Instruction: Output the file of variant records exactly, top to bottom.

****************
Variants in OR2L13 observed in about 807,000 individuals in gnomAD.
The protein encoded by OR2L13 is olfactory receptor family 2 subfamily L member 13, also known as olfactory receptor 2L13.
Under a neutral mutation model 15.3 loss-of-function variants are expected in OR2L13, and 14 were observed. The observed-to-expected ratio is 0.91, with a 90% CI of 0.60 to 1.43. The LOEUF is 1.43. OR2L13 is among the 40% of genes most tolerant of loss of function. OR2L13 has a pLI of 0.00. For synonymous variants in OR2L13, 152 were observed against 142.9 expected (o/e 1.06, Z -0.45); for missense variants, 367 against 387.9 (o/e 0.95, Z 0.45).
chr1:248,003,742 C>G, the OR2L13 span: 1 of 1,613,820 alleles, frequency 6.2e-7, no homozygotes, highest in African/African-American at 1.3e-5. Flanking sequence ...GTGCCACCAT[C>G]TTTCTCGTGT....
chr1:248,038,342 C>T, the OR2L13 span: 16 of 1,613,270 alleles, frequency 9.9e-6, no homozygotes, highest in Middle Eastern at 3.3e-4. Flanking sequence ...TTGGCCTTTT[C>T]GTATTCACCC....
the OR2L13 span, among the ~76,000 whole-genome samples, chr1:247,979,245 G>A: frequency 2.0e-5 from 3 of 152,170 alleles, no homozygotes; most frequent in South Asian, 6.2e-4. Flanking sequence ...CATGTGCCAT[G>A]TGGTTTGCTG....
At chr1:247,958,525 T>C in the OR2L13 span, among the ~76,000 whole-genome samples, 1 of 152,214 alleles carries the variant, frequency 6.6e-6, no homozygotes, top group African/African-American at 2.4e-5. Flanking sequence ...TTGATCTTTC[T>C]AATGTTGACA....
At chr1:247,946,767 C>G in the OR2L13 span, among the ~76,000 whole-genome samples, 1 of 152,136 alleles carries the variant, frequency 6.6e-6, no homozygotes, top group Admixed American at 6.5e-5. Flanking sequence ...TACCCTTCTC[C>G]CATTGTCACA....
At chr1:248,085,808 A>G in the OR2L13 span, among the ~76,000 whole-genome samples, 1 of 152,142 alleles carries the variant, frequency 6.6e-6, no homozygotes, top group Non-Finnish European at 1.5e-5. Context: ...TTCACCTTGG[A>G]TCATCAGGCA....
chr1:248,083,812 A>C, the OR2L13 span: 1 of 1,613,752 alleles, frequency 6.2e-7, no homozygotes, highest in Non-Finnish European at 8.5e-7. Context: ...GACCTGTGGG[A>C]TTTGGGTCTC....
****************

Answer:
Variants in OR2L13 observed in about 807,000 individuals in gnomAD.
The protein encoded by OR2L13 is olfactory receptor family 2 subfamily L member 13, also known as olfactory receptor 2L13.
Under a neutral mutation model 15.3 loss-of-function variants are expected in OR2L13, and 14 were observed. The observed-to-expected ratio is 0.91, with a 90% CI of 0.60 to 1.43. The LOEUF is 1.43. OR2L13 is among the 40% of genes most tolerant of loss of function. OR2L13 has a pLI of 0.00. For synonymous variants in OR2L13, 152 were observed against 142.9 expected (o/e 1.06, Z -0.45); for missense variants, 367 against 387.9 (o/e 0.95, Z 0.45).
chr1:248,003,742 C>G, the OR2L13 span: 1 of 1,613,820 alleles, frequency 6.2e-7, no homozygotes, highest in African/African-American at 1.3e-5. Flanking sequence ...GTGCCACCAT[C>G]TTTCTCGTGT....
chr1:248,038,342 C>T, the OR2L13 span: 16 of 1,613,270 alleles, frequency 9.9e-6, no homozygotes, highest in Middle Eastern at 3.3e-4. Flanking sequence ...TTGGCCTTTT[C>T]GTATTCACCC....
the OR2L13 span, among the ~76,000 whole-genome samples, chr1:247,979,245 G>A: frequency 2.0e-5 from 3 of 152,170 alleles, no homozygotes; most frequent in South Asian, 6.2e-4. Flanking sequence ...CATGTGCCAT[G>A]TGGTTTGCTG....
At chr1:247,958,525 T>C in the OR2L13 span, among the ~76,000 whole-genome samples, 1 of 152,214 alleles carries the variant, frequency 6.6e-6, no homozygotes, top group African/African-American at 2.4e-5. Flanking sequence ...TTGATCTTTC[T>C]AATGTTGACA....
At chr1:247,946,767 C>G in the OR2L13 span, among the ~76,000 whole-genome samples, 1 of 152,136 alleles carries the variant, frequency 6.6e-6, no homozygotes, top group Admixed American at 6.5e-5. Flanking sequence ...TACCCTTCTC[C>G]CATTGTCACA....
At chr1:248,085,808 A>G in the OR2L13 span, among the ~76,000 whole-genome samples, 1 of 152,142 alleles carries the variant, frequency 6.6e-6, no homozygotes, top group Non-Finnish European at 1.5e-5. Context: ...TTCACCTTGG[A>G]TCATCAGGCA....
chr1:248,083,812 A>C, the OR2L13 span: 1 of 1,613,752 alleles, frequency 6.2e-7, no homozygotes, highest in Non-Finnish European at 8.5e-7. Context: ...GACCTGTGGG[A>C]TTTGGGTCTC....